British ladies dodgeball captain Beth Dix has labelled a video by BBC world news as "an anti-dodgeball campaign heart-breaking.'
The video has been published following a recent study from Canada that suggests the sport has 'legalised bullying' and insists that students should not be forced to play as part of the school curriculum.
To succeed in a game of dodgeball, you must eliminate your opponent by striking them with the ball. The game ends when an entire team has been removed, thus creating a 'last-player-standing' scenario.
Co-author of the study, Professor Clare Robson, told the BBC that the sport is problematic as it dehumanises players and creates an unsafe school environment. She went onto add that dodgeball can encourage bullying as the aim of the game is to 'target weaker players.' Although Robson doesn't want to see the sport banned completely, she does think it needs removing from the educational system.
"As part of the curriculum (dodgeball is) tantamount to legalise bullying. The fact that it happens in [a] school context gives you the legitimacy that we don't feel it deserves."
However, advocates of the sport are desperate to reiterate that this isn't the case.
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Many players and supporters of the game have taken to social media in support. They argue that, when appropriately trained, players adopt a strong transferable skillset that can be applied to various sports. The professional game focusses on positional awareness, teamwork and accuracy rather than just making forceful contact.
21-year-old captain Beth also took to Twitter to share her disappointment. Beth is currently England Women's Captain and has been competing in the sport since her days at school in Bedfordshire.
"I'm heartbroken over this article because I was picked up [to play for] England at a school tournament! If I hadn't have had the opportunity to play in school. I wouldn't be England Women's Captain, a World Champion in the Mixed and Women's team or have been able to play at Madison Square Garden last year."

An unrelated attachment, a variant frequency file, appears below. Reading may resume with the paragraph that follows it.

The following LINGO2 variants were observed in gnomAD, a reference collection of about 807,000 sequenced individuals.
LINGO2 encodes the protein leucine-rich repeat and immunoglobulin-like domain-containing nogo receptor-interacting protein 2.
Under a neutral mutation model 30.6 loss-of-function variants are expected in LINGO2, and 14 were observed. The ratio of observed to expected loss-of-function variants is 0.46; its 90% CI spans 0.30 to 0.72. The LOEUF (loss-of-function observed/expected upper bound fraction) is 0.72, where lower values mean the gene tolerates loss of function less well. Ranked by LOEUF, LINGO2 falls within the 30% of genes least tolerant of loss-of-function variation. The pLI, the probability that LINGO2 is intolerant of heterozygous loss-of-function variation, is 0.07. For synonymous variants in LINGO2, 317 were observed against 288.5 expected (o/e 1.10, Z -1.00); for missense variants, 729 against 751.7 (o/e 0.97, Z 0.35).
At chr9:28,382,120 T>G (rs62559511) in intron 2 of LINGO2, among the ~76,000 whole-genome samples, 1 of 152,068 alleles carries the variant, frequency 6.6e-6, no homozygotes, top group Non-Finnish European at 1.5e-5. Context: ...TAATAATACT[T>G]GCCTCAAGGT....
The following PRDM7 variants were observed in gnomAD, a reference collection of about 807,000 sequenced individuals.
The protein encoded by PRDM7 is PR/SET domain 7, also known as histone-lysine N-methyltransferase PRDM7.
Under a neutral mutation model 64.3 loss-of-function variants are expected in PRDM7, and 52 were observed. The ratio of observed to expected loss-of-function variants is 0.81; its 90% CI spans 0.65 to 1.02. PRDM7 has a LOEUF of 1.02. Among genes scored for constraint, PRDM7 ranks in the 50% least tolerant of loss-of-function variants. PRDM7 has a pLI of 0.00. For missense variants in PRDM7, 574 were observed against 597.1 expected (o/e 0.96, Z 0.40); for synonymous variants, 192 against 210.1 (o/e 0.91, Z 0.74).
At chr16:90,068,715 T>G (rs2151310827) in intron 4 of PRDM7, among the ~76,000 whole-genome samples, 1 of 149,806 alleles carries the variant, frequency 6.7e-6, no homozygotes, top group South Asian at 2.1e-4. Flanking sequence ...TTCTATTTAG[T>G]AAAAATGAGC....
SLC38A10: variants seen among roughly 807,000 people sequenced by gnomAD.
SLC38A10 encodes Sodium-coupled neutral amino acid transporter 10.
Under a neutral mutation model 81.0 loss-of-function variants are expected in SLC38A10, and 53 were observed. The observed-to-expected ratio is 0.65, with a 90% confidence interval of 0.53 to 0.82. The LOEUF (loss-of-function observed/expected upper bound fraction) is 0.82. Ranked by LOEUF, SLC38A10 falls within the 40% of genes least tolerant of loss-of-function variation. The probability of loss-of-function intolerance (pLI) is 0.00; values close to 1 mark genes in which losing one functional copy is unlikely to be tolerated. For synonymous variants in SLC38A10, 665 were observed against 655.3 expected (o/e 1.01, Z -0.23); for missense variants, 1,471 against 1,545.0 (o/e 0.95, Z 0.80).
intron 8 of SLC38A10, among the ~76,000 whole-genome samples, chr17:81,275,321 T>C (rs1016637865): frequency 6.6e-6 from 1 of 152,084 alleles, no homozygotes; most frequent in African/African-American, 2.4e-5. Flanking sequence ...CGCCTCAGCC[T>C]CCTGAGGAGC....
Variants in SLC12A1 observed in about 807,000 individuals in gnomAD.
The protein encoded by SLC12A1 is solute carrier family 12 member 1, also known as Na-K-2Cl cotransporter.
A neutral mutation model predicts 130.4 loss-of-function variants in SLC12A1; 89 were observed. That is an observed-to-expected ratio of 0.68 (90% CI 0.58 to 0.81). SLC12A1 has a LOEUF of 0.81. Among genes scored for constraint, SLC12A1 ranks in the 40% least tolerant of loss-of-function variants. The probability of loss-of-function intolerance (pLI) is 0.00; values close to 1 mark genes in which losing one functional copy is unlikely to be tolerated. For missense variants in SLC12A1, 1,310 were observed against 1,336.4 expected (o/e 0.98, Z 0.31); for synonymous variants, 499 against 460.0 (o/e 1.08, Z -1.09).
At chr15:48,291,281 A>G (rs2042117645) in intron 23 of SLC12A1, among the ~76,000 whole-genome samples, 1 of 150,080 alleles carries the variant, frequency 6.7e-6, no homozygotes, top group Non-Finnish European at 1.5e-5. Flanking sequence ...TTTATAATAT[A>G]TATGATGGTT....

"I'm so frustrated that opportunities like this could pass people by if the sport is to be taken out of schools. Playing dodgeball for the last six years has helped shape me as an individual. I'm so lucky to have come across the players and incredible coaches I have," said Beth Dix.
" It's honestly mind-blowing to think about the sport is being tarnished with such a harsh, uneducated reputation by people who haven't ever experienced it or seen it in schools, or at a professional level.
"Dodgeball is one of the only sports in the world that is so inclusive - it offers mixed and single-sex teams at an international level," said Beth Dix
Alongside her captain duties, Beth also finds the time to run dodgeball workshops.
"I've had the pleasure of going into numerous schools and delivering workshops to all ages and genders. I have found some of my highest inspiration from seeing how much the children love the sport. It's exciting. It's not the 'norm' sport to play, so I find it encourages a broader audience because it's so inclusive.
"Dodgeball doesn't use one specific skill. You can be a thrower on the team and make the hits, or you can take the catches and save teammates, or you can be the agile dodge who is key in keeping the group alive. It allows individuals to thrive in their own area.
"Yes, dodgeball is a contact sport, but so is rugby, hockey, lacrosse, football, basketball, netball and I wouldn't ever dream of describing those as an environment where bullies can thrive.
"Just because dodgeball isn't a traditional sport, doesn't mean it encourages bullies to thrive," said Beth Dix.News Now - Sport News